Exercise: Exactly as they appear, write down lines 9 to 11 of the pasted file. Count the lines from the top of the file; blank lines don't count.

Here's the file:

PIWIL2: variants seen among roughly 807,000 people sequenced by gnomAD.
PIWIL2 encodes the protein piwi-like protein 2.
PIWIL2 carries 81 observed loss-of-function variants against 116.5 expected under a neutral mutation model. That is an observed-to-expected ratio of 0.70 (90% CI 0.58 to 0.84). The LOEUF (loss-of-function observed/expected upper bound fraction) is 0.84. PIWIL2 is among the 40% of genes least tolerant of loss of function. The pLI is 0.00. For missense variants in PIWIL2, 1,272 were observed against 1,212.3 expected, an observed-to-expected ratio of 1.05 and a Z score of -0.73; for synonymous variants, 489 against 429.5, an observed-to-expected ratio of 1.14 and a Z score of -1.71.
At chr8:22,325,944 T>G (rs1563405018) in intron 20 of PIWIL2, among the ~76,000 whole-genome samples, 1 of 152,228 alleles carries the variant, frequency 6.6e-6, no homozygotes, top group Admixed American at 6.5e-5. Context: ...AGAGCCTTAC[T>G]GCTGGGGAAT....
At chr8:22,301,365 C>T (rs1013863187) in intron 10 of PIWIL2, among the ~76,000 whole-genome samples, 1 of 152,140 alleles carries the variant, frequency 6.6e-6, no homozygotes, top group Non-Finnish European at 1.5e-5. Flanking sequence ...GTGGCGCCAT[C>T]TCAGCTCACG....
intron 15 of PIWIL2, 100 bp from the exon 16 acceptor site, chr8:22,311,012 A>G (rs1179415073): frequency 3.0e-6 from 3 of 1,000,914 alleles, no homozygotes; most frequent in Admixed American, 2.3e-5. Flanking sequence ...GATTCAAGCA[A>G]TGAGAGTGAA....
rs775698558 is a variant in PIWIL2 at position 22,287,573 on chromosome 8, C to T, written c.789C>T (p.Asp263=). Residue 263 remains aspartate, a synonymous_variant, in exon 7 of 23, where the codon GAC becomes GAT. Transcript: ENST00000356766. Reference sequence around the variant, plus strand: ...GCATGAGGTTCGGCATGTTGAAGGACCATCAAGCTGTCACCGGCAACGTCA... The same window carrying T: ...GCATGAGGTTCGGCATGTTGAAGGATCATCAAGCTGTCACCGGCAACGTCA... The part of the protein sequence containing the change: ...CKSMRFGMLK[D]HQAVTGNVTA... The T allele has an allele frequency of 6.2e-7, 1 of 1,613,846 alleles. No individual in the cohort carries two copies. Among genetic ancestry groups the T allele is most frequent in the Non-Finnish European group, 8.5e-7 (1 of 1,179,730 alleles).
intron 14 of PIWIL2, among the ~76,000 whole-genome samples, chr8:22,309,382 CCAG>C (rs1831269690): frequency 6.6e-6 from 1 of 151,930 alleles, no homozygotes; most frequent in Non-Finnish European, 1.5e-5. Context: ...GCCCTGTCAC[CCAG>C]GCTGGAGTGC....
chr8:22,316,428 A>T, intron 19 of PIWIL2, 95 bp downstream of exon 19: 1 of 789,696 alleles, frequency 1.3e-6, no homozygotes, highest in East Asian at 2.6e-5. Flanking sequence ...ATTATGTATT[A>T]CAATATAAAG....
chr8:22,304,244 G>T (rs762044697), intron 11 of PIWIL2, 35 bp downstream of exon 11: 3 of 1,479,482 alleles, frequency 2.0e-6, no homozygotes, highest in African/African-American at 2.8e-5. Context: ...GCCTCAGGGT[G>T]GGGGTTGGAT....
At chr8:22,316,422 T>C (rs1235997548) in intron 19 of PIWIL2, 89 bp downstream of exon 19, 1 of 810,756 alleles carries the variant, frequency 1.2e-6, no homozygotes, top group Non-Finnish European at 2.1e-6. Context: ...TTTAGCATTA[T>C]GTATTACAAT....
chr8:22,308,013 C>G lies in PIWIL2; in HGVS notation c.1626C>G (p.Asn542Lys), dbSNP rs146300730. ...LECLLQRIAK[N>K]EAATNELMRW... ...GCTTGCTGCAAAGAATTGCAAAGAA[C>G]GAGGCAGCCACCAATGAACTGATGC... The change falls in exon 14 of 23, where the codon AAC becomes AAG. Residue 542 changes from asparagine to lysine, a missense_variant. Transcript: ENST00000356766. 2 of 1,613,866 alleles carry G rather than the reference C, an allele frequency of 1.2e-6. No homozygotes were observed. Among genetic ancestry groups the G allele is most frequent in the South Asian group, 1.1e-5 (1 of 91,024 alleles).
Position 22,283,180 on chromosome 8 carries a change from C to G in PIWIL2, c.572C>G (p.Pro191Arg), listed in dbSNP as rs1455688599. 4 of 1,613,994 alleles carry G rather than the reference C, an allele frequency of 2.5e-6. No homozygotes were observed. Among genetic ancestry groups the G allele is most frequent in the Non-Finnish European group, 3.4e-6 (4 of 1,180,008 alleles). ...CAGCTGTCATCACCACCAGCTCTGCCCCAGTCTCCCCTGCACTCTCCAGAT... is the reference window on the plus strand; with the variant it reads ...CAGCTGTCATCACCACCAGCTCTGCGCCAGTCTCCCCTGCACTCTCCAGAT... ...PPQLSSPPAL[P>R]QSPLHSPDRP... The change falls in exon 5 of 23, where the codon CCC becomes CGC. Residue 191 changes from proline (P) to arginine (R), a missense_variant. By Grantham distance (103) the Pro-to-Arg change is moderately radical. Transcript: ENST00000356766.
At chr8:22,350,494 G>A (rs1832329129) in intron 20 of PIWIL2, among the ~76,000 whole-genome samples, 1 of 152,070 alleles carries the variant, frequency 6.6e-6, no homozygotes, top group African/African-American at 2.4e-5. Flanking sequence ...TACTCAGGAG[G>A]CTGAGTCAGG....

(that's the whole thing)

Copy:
chr8:22,316,428 A>T, intron 19 of PIWIL2, 95 bp downstream of exon 19: 1 of 789,696 alleles, frequency 1.3e-6, no homozygotes, highest in East Asian at 2.6e-5. Flanking sequence ...ATTATGTATT[A>T]CAATATAAAG....
chr8:22,304,244 G>T (rs762044697), intron 11 of PIWIL2, 35 bp downstream of exon 11: 3 of 1,479,482 alleles, frequency 2.0e-6, no homozygotes, highest in African/African-American at 2.8e-5. Context: ...GCCTCAGGGT[G>T]GGGGTTGGAT....
At chr8:22,316,422 T>C (rs1235997548) in intron 19 of PIWIL2, 89 bp downstream of exon 19, 1 of 810,756 alleles carries the variant, frequency 1.2e-6, no homozygotes, top group Non-Finnish European at 2.1e-6. Context: ...TTTAGCATTA[T>C]GTATTACAAT....